Investing Public Cash in a 0% Market

Searching for incremental yields?
January 15, 2009 AT 3:00 AM
Girard Miller
By Girard Miller  |  columnist
Girard Miller is the Public Money columnist for GOVERNING and a senior strategist at the PFM Group.

The events of 2008 reminded every public cash manager that investing short-term funds is all about safety, liquidity and yield, in that order. Those who got too cute in the last market cycle were burned severely by bankruptcies and frozen funds. What worked for decades suddenly unraveled. For example, securities lending became a dirty word as assets out on loan were frozen for various reasons in 2008. Unsecured and uncollateralized investments that once provided attractive extra yields now cause more worry than they are worth for many public officials.

Now that the Fed has cut the target rate for overnight funds to near-zero, the challenge facing cash managers is how to produce any kind of positive return on taxpayer funds. They find themselves falling short of revenue estimates in budgets that were adopted a year ago when interest rates were higher. So there is intense pressure to pick up additional yield somewhere, in a world where that seems to imply greater risk at every turn.

Here are a few thoughts to guide the search for incremental yields in 2009:

1. Look for market inefficiencies and market segmentation. As my column on TLGP guaranteed corporate obligations last month explained , the new world order in the debt markets has introduced new instruments that enjoy full government guarantees but have not cleared the legal approvals needed in some states because of obsolete or over-specific investment statutes. This offers an opportunity to investors who have done their homework and obtained sufficient legal clearances.

2. Extend maturities with ultra-caution. In 2009, there will be a strong temptation to extend maturities into 2011 and beyond in order to climb up the yield curve and obtain slightly higher rates. That worked in 2008 as interest rates were still trending downward, but this coming year could bring a different scenario after the economy enters a recovery mode. My historical research for my book Investing Public Funds found that rates in the intermediate maturities typically don't begin to move upward too rapidly until the economy is already six months into its recovery, but that won't help you if you are locked in to 5-year paper when interest rates hit rock-bottom. Don't try to "ride the yield curve" once the wind is against you, which becomes increasingly probable once the malaise ends.

Even a two-year Treasury note can lose more in principal price if interest rates go up even a fraction of its current yield advantage, so it's essential that you conduct a break-even analysis to determine how much higher rates must go up before you will be defending your job.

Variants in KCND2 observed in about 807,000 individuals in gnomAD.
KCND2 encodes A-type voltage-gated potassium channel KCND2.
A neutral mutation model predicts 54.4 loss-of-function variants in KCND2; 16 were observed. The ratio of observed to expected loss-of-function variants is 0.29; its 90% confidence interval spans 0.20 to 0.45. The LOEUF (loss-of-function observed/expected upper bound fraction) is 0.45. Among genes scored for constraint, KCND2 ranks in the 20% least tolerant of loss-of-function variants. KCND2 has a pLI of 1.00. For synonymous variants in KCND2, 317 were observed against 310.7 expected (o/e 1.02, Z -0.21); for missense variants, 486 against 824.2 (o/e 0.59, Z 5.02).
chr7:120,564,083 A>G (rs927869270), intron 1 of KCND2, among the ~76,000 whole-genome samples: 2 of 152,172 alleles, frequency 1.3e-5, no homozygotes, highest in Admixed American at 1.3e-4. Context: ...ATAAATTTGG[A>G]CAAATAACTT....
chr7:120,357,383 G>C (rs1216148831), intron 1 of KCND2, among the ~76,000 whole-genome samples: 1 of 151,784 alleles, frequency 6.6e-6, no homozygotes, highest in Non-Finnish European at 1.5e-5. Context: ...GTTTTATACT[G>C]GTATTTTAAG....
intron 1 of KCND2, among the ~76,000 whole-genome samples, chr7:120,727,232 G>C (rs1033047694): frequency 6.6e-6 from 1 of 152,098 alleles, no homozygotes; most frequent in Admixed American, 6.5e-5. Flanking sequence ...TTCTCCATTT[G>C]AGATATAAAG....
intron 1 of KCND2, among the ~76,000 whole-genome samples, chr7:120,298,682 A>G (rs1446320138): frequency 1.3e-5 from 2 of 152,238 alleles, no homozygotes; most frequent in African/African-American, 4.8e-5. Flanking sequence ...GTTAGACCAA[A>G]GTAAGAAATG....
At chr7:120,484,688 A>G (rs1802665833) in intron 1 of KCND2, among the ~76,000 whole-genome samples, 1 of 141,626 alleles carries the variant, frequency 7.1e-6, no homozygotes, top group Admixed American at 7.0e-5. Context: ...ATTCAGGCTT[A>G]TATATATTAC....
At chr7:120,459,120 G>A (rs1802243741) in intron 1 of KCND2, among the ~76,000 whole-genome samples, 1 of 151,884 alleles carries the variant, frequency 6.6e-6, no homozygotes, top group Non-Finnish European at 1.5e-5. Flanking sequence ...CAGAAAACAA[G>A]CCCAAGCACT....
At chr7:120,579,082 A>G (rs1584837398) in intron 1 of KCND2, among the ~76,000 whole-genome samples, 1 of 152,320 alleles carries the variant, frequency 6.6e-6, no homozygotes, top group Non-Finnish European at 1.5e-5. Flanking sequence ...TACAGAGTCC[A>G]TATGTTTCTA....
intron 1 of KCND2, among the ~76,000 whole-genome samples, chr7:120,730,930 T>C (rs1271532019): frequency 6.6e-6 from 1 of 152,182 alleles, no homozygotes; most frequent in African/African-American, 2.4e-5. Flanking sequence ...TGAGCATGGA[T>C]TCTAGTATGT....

Those who buy longer maturities in the U.S. Treasury sector are really just borrowing from next year's yields to earn higher returns now. Only extend maturities when you are clearly being paid to give up your liquidity and to assume greater market risk, even if you can afford to hold to maturity.

Some savvy public-sector and institutional money managers are running portfolio durations below their normal target, reflecting a concern that they have more to lose from extending durations than they have to gain.

3. Bank CD platforms can work for you. With the increase in FDIC insurance from $100,000 to $250,000, it is now feasible for bank CD services to assemble and quote you competitive "packages" or "mini-portfolios" of fully insured bank certificates. Rather than bidding these out yourself to a limited list of banks, you can work with one or more public-sector investment providers who screen the banks for credit, shop the market and deliver to you a portfolio package of FDIC obligations with maturities of your choice. As with any other "brokerage" business (such as GIC brokers and mortgage brokers of yore), it's prudent to avoid the tiny fly-by-night shops that can fold their tent overnight at the first sign of a lawsuit. Stick with institutional players with deeper roots in the community.

4. Use professional managers for corporate paper. With interest rates so low, some public officials are reluctant to pay fees to private-sector investment managers in order to earn the lowest returns of their lifetime. At the same time, however, this past year's flight to quality has driven many public officials in eligible states to abandon the unsecured commercial paper and medium-term corporate note markets. This is prudent at their personal level, as very few public cash managers and treasurers have research skills or staffs deep enough to perform professional credit analysis. As a result, the buy-side's high risk aversion has created a place in 2009's market for experienced money managers with superior credit research facilities to assemble broadly diversified portfolios of highest-grade corporate paper that will earn several times their fees, while allowing their clients to sleep at night.

5. Ask tough questions of money managers. Last year separated the "wannabes" from the prudent treasury/cash management firms with deep, skilled research teams. It is now important and reasonable to ask both incumbent and potential investment managers to disclose and document specifically their experiences with defaulted, bankrupt, insolvent, impaired and other zombie credits in the past two years. If they held Lehman paper after the collapse of Bear Stearns, for example, you really need to ask yourself why you would entrust your taxpayers' money to their credit team.